Post-Christmas is a dangerous time for small businesses, especially B2B operators. As business starts to slow down for the Christmas closure periods, so too does the cash flow. Without proper planning, your business could become another statistic.
For most businesses, reduced cash flow doesn’t typically have an impact until what I call 'graveyard month': between late February and early March. This is the time when most businesses collapse due largely to the slowdown catching up with them.
Christmas is a perfect storm, with B2B sales declining, employee leave-loading pay and a dip in cash flow caused by customer spending wrapping up until mid-January. It is easy for businesses to fold under the financial burden.
With proper planning, however, you can avoid the stress of reduced cash flow and, by acting now, you can build a buffer to protect you from the slow Christmas period. Taking early action is crucial for businesses wanting to avoid the effects of graveyard month.
With these tips you can start preparing now, to ensure you too can enjoy the silly season without worrying about what might greet you in the new year:
Assess your cash flow
Planning ahead means considering your cash flow patterns and ensuring that there are enough funds coming in, compared with the amount being spent in outgoings. A useful hint is to look at making incoming payments as frequent as possible; this means you don’t need to wait until a job ceases to invoice.
Your aim should be to have as many accounts at least partly paid off as possible before Christmas. A great way to do this is to provide added incentive by offering discounts to clients who pay before Christmas. The customer receives a discount and you see the benefit in your cash flow.
Put off purchases and look to payment terms
While you want to ensure payments are coming in as quickly as possible, you should also try to extend outgoing payments as far as your suppliers will allow, to reduce outgoing funds and again build a buffer of cash, reducing the risk of being caught off guard.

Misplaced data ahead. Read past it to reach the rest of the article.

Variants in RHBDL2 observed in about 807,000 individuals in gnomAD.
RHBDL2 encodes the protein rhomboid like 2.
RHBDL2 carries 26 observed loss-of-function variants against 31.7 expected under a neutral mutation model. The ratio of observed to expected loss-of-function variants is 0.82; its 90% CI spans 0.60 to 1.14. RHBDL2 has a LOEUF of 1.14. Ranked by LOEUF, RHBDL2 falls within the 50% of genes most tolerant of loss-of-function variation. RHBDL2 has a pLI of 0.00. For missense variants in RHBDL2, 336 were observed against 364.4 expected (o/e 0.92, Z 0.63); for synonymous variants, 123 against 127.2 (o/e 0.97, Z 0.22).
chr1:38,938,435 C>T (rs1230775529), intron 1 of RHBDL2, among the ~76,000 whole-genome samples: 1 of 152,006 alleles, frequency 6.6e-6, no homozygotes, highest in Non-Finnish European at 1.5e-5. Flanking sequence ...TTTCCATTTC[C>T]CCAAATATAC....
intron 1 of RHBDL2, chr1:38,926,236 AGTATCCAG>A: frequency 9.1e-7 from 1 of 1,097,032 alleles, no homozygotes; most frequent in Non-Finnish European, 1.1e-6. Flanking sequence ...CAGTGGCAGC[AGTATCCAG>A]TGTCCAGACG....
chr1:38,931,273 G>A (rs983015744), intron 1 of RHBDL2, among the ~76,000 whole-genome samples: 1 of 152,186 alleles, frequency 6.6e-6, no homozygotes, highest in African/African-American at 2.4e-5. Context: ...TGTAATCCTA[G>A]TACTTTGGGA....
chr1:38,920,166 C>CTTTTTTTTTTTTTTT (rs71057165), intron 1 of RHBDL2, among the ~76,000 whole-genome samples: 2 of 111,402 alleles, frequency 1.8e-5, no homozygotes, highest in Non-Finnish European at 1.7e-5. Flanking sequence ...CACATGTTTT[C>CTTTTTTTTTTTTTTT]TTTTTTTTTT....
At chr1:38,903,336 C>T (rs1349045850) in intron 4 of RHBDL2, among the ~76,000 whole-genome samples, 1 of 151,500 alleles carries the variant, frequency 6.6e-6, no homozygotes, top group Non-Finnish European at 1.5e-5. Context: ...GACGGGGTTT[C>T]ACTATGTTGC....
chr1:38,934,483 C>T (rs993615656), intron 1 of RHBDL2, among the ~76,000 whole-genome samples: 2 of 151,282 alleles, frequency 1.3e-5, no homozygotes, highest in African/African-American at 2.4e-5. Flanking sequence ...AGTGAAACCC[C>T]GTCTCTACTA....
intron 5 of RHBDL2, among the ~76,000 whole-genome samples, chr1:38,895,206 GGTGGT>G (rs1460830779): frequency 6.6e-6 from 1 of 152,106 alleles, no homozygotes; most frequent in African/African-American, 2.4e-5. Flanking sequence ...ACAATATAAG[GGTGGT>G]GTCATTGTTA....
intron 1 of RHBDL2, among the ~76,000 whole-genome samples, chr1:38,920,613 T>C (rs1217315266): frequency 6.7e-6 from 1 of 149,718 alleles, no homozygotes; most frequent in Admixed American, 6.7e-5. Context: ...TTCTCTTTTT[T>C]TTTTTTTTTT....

You should avoid making any large purchases at this time of year. However, if you must place stock or inventory orders, try to negotiate payment terms that don’t require immediate payment, or can be paid through instalments.
It is often easier to negotiate lengthening payment terms rather than trying to reduce the price, as it might put your suppliers offside and hint that your business may be in distress.
Recover outstanding debts
While you might look to extend your own payment terms with your creditors, you should also be tightening payment terms for your own outstanding debts. Look at your debt ledger before Christmas and refer debts older than 60 days to a collection agency.
Even if you only receive partial payment, it means you are more likely to receive some of the outstanding money, instead of scrambling to make up the funds when you are hardest hit.
You can also find extra money by looking at your old written-off debts and referring them to a collection agency. Make sure you refer them to an agency that doesn’t charge unless the debt is recovered, so you can rest assured you won’t be left out of pocket, even if the debts can’t be recovered.
Determine your stock levels
Evaluating your current stock levels will help give you a clearer idea of what you need for the new year. It also gives you the opportunity to sell off anything you don’t require or that has been with you for six months or longer. Holding a pre-Christmas or New Year's sale will help you stay afloat in financial hardship.
By focusing on your post-Christmas survival now, you are setting your business up for the best chance of success. It’s the businesses that don’t look ahead that will be caught out in graveyard month.
These simple steps will help you determine your priorities, analyse your strengths and weaknesses, and make sure you are well equipped to handle whatever the Christmas period throws at you. These steps might even allow you to relax and enjoy Christmas with your loved ones.
Roger Mendelson is CEO of Prushka Fast Debt Recovery and principal of Mendelsons Lawyers.